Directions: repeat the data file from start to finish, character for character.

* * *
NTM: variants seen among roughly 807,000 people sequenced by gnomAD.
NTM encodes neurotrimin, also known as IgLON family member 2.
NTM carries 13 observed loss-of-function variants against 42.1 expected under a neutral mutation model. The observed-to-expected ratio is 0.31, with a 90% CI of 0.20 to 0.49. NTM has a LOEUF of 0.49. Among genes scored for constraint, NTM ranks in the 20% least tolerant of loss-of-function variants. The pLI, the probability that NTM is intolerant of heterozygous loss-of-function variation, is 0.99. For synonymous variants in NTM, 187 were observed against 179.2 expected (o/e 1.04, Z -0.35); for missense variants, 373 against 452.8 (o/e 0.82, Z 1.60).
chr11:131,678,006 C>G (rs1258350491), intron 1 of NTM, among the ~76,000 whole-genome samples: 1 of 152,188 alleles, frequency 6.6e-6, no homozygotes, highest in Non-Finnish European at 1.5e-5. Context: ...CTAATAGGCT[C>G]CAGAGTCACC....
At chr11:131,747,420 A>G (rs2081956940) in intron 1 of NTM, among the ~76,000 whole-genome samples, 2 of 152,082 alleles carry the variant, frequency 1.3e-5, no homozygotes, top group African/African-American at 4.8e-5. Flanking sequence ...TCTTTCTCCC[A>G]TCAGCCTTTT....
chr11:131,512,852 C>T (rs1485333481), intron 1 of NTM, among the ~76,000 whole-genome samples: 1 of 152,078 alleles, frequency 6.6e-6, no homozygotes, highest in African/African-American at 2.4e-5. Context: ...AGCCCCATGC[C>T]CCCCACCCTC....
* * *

NTM: variants seen among roughly 807,000 people sequenced by gnomAD.
NTM encodes neurotrimin, also known as IgLON family member 2.
NTM carries 13 observed loss-of-function variants against 42.1 expected under a neutral mutation model. The observed-to-expected ratio is 0.31, with a 90% CI of 0.20 to 0.49. NTM has a LOEUF of 0.49. Among genes scored for constraint, NTM ranks in the 20% least tolerant of loss-of-function variants. The pLI, the probability that NTM is intolerant of heterozygous loss-of-function variation, is 0.99. For synonymous variants in NTM, 187 were observed against 179.2 expected (o/e 1.04, Z -0.35); for missense variants, 373 against 452.8 (o/e 0.82, Z 1.60).
chr11:131,678,006 C>G (rs1258350491), intron 1 of NTM, among the ~76,000 whole-genome samples: 1 of 152,188 alleles, frequency 6.6e-6, no homozygotes, highest in Non-Finnish European at 1.5e-5. Context: ...CTAATAGGCT[C>G]CAGAGTCACC....
At chr11:131,747,420 A>G (rs2081956940) in intron 1 of NTM, among the ~76,000 whole-genome samples, 2 of 152,082 alleles carry the variant, frequency 1.3e-5, no homozygotes, top group African/African-American at 4.8e-5. Flanking sequence ...TCTTTCTCCC[A>G]TCAGCCTTTT....
chr11:131,512,852 C>T (rs1485333481), intron 1 of NTM, among the ~76,000 whole-genome samples: 1 of 152,078 alleles, frequency 6.6e-6, no homozygotes, highest in African/African-American at 2.4e-5. Context: ...AGCCCCATGC[C>T]CCCCACCCTC....